CLMPROTOCOLS(5) - man page online | file formats

16 May 2014
clmprotocols(5)                           FILE FORMATS                            clmprotocols(5)

   1. NAME
   3. Network representation
   4. Loading large networks
   5. Converting between formats
   6. Using threading and job dispatching
   7. Clustering similarity graphs encoded in BLAST results
   8. Clustering expression data
   9. Reducing node degrees in the graph
  10. SEE ALSO
  11. AUTHOR

      clmprotocols - Work flows and protocols for mcl and friends

      A guide to doing analysis with mcl and its helper programs.

  Network representation
      The clustering program mcl expects the name of file as its first argument.  If the --abc
      option is used, the file is assumed to adhere to a simple format where a network is speci‐
      fied edge by edge, one line and one edge at a time.  Each line describes an edge as two
      labels and a numerical value, all separated by white space. The labels and the value
      respectively identify the two nodes and the edge weight. The format is called ABC-format,
      where 'A' and 'B' represent the two labels and 'C' represents the edge weight. The latter
      is optional; if omitted the edge weight is set to one.  If ABC-format is used, the output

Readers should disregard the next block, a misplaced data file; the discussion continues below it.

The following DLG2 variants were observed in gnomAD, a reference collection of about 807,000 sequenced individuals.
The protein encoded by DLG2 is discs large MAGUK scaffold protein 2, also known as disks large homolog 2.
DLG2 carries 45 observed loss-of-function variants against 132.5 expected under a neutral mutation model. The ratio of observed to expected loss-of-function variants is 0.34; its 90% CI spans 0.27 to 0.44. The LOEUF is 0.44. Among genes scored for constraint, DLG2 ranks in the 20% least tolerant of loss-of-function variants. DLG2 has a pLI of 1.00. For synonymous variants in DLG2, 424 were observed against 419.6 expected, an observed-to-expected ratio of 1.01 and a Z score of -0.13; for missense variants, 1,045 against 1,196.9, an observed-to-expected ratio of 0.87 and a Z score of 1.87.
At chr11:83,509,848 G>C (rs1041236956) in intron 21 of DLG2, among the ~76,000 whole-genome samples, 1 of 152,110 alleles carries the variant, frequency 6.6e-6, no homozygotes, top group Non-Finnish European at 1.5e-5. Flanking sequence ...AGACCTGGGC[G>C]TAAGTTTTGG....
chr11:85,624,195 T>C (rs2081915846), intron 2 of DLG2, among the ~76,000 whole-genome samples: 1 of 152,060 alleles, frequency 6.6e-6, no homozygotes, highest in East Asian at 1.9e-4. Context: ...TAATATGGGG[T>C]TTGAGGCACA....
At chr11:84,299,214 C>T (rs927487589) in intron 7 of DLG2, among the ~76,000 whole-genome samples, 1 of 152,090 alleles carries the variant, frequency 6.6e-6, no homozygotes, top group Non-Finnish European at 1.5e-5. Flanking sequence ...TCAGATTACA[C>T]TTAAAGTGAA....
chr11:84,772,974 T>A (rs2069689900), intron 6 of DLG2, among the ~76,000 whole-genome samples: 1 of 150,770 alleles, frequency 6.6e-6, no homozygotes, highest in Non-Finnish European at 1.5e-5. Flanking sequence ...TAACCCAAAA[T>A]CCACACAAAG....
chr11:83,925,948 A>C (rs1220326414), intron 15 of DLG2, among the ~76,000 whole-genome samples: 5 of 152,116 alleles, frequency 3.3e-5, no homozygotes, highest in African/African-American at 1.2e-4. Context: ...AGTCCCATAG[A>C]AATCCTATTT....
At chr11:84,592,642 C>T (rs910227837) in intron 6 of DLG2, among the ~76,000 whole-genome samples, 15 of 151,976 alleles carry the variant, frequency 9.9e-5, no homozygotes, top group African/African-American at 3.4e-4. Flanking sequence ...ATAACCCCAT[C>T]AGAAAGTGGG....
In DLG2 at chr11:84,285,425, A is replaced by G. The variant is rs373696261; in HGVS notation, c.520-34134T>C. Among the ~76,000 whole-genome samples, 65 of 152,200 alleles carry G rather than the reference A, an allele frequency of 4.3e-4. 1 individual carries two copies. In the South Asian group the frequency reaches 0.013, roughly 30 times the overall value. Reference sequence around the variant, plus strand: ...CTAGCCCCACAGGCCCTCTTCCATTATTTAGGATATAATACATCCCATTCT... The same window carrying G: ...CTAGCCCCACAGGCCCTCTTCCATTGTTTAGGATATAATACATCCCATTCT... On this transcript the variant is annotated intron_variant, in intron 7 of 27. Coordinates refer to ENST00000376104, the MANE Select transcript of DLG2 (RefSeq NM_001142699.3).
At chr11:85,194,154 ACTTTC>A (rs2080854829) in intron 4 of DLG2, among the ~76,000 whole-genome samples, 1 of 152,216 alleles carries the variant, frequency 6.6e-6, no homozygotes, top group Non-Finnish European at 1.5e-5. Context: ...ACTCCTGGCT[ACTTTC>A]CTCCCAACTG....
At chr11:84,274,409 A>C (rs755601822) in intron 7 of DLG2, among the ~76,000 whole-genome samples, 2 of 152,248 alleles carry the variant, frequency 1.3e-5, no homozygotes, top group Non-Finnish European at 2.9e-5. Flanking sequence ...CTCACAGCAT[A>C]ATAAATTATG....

is returned as a listing of clusters, each cluster given as a line of white-space separated

      MCL can also utilize a second representation, which is a stringent and unambiguous format
      for both input and output.  This is called matrix format and it is required when using
      other programs in the mcl suite, for example when comparing and analysing clusterings using
      clm(1) or when extracting and transforming networks using mcx(1).  Native mode (matrix for‐
      mat) is entered simply by not specifying --abc.

      The recommended approach using mcl is to convert an external format to ABC-format. The pro‐
      gram mcxload(1) reads the latter and creates a native network file and a dictionary file
      that maps network nodes to labels. All applications in the MCL suite, including mcl itself,
      can read this native network file format. Label output can be obtained using mcxdump(1).
      The workflow is thus:

         #  External format has been converted to file (abc format)

         mcxload -abc --stream-mirror -write-tab -o data.mci

         mcl data.mci -I 1.4
         mcl data.mci -I 2
         mcl data.mci -I 4

         mcxdump -icl -tabr -o
         mcxdump -icl -tabr -o
         mcxdump -icl -tabr -o

      In this example the cluster output is stored in native format and dumped to labels using
      mcxdump. The stored output can now be used to learn more about the clusterings. An example